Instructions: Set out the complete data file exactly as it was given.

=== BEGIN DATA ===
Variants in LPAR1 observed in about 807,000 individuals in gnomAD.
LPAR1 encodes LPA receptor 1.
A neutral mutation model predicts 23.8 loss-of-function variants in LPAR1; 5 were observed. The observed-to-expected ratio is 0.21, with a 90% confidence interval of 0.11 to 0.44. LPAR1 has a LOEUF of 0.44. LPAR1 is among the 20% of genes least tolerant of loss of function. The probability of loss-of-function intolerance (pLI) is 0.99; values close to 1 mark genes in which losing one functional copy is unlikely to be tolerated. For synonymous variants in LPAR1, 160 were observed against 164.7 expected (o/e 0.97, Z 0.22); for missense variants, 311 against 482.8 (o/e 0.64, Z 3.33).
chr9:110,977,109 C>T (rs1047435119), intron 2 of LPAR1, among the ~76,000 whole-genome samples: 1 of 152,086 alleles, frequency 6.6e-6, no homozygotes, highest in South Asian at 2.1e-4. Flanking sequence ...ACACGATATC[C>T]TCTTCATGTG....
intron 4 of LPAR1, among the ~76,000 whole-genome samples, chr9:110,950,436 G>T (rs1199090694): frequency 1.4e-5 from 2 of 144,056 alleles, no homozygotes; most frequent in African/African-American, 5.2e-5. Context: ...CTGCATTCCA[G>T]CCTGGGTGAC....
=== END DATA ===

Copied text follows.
Variants in LPAR1 observed in about 807,000 individuals in gnomAD.
LPAR1 encodes LPA receptor 1.
A neutral mutation model predicts 23.8 loss-of-function variants in LPAR1; 5 were observed. The observed-to-expected ratio is 0.21, with a 90% confidence interval of 0.11 to 0.44. LPAR1 has a LOEUF of 0.44. LPAR1 is among the 20% of genes least tolerant of loss of function. The probability of loss-of-function intolerance (pLI) is 0.99; values close to 1 mark genes in which losing one functional copy is unlikely to be tolerated. For synonymous variants in LPAR1, 160 were observed against 164.7 expected (o/e 0.97, Z 0.22); for missense variants, 311 against 482.8 (o/e 0.64, Z 3.33).
chr9:110,977,109 C>T (rs1047435119), intron 2 of LPAR1, among the ~76,000 whole-genome samples: 1 of 152,086 alleles, frequency 6.6e-6, no homozygotes, highest in South Asian at 2.1e-4. Flanking sequence ...ACACGATATC[C>T]TCTTCATGTG....
intron 4 of LPAR1, among the ~76,000 whole-genome samples, chr9:110,950,436 G>T (rs1199090694): frequency 1.4e-5 from 2 of 144,056 alleles, no homozygotes; most frequent in African/African-American, 5.2e-5. Context: ...CTGCATTCCA[G>T]CCTGGGTGAC....